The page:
Sanja Matsuri – Tokyo’s Big and Wild Shinto Festival

Tokyo Asakusa’s Sanja Matsuri (Sanja Festival) is one of the best places to experience the excitement and energy of a mikoshi carrying parade. The festival is one of the three great Shinto festivals in Tokyo. The festival is held in honor of the three men who established and founded Sensō-ji temple in Asakusa. The Sanja Matsuri is held on the third weekend of every May at Asakusa Shrine. Over the course of three days, the festival attracts 1.5 to 2 million locals and tourists every year. The event is considered one of the wildest and largest festivals in Tokyo.

Asakusa shrine - Sanja Matsuri mikoshi

Mikoshi being carried to steps of Asakusa’s Senso-ji during the Sanja festival.
Image: Wikipedia Commons  CC BY-SA 3.0

The festival starts on Friday with a large parade … a 19-block procession down Yanagi Street and Nakamise-dōri to Asakusa Shrine. Participants wearing traditional Japanese attire, including musicians, performers and dancers parade down the streets of Asakusa.

Asakusa Sanja Matsuri parade

Sanja Matsuri parade.
Image: Michael Day CC BY 2.0

On the second day, Saturday, approximately 100 mikoshi from the 44 Asakusa districts gather and are then paraded through Nakamise-dōri and stop at the Hōzōmon where they pay their respects to Kannon, the Goddess of Mercy.  The mikoshi are then carried to Asakusa Shrine where Shinto priests bless and purify them for the coming year.   A mikoshi, a portable Shinto shrine, is believed to serve as the vehicle to transport a deity while moving between the main shrine and the temporary shrine during a festival or when moving to a new shrine.  Often, the mikoshi resembles a miniature building.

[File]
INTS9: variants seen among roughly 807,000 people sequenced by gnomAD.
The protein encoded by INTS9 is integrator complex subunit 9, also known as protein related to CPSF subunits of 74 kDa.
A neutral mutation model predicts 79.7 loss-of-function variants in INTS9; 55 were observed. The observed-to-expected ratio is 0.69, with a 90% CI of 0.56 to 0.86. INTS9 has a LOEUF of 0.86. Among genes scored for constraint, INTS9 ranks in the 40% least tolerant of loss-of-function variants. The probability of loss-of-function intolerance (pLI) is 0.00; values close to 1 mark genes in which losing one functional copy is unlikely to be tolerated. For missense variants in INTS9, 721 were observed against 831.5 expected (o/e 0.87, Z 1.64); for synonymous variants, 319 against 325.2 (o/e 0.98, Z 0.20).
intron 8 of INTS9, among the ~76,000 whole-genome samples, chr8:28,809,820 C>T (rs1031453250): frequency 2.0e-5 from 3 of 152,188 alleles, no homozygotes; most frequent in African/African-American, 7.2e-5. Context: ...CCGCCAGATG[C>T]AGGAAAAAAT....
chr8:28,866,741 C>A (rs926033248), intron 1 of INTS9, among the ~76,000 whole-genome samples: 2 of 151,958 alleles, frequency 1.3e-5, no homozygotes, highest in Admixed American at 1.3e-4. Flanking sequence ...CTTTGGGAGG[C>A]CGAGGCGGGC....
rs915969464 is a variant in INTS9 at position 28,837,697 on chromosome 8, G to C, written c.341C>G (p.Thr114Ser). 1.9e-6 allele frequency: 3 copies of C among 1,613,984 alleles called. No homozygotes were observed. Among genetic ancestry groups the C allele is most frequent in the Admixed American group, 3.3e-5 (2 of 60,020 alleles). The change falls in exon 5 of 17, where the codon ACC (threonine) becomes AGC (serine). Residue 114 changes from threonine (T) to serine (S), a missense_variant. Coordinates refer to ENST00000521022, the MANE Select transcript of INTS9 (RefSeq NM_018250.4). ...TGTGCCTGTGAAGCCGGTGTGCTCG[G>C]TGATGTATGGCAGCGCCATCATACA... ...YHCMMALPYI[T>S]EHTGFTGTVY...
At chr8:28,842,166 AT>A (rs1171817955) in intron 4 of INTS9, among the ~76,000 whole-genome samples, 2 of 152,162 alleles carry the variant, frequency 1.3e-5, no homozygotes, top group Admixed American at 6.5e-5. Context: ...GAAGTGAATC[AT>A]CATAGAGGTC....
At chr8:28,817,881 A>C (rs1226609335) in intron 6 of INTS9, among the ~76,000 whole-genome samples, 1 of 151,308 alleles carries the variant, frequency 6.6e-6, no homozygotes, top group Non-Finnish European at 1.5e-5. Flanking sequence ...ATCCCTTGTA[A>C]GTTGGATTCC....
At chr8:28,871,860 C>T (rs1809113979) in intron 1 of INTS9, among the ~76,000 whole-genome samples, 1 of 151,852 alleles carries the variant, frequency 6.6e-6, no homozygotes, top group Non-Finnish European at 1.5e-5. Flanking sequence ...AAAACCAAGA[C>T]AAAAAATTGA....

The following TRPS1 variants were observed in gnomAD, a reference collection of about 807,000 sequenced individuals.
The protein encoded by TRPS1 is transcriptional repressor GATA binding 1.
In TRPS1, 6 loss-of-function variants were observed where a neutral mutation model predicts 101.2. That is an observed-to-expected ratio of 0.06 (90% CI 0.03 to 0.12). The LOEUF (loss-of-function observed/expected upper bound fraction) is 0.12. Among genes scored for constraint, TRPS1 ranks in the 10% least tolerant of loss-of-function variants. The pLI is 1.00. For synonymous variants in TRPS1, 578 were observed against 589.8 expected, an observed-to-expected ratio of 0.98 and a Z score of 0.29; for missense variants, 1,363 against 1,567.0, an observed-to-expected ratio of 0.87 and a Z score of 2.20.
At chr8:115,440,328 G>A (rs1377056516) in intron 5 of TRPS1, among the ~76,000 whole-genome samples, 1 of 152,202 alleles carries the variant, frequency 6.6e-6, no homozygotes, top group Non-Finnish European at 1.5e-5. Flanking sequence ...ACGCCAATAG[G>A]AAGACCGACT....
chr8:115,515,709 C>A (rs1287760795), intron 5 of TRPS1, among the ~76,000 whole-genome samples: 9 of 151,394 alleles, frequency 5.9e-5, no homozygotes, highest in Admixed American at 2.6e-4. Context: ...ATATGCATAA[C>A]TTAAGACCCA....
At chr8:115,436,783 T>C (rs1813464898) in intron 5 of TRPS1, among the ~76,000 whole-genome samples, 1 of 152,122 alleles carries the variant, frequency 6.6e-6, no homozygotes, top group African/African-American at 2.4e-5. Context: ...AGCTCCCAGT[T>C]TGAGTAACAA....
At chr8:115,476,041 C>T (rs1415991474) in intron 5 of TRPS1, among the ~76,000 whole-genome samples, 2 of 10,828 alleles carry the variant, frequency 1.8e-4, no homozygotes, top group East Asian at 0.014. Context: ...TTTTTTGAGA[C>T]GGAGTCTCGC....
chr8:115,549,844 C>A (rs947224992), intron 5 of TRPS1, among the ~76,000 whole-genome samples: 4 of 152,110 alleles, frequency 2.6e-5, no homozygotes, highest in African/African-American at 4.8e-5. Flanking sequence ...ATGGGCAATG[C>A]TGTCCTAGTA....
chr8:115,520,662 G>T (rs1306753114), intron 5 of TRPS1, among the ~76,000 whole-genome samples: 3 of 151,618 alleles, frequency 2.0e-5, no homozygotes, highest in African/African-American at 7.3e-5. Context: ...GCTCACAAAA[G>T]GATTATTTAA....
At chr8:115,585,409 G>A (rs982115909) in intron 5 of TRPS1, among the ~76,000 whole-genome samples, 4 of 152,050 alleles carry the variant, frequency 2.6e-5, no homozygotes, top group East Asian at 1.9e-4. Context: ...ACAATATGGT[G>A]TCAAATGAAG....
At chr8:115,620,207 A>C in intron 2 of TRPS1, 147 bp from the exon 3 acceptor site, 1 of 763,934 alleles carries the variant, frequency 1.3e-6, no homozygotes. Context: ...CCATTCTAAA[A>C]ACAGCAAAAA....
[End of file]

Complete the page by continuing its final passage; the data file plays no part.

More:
Sanja Matsuri’s most important event occurs on the third day, Sunday as a procession of the three Asakusa Shrine-owned mikoshi begin their march down Nakamise-dōri toward the Kaminarimon. These three shrines honor the three men responsible for the founding of Sensō-ji temple.  The three mikoshi split up and visit and bestow blessings to all 44 districts of Asakusa.  Then when evening falls, the three shrines find their way back to Asakusa Shrine.

Asakusa Sanja Matsuri night

Night scene of Sanja Matsuri.
Image: By Yoshikazu TAKADA  CC BY 2.0

The Sanja Matsuri is also one of the few times in Japan you will see Yakuza openly display their tattoos in public.  Several of the many mikoshi that participate from the 44 Asakusa districts are carried by Yakuza.  Not to worry, they are at the event to have fun and with tattoos on display they are happy to pose for photos.

Yakuza mikoshi Sanja Matsuri

Yakuza showing their colors
Image: apes_abroad CC BY-SA 2.0

Yakuza tattoos on display

Mikoshi parade with Yakuza enjoying opportunity to display their tattoos

Location of Sanja Matsuri – Asakusa

Source: Wikipedia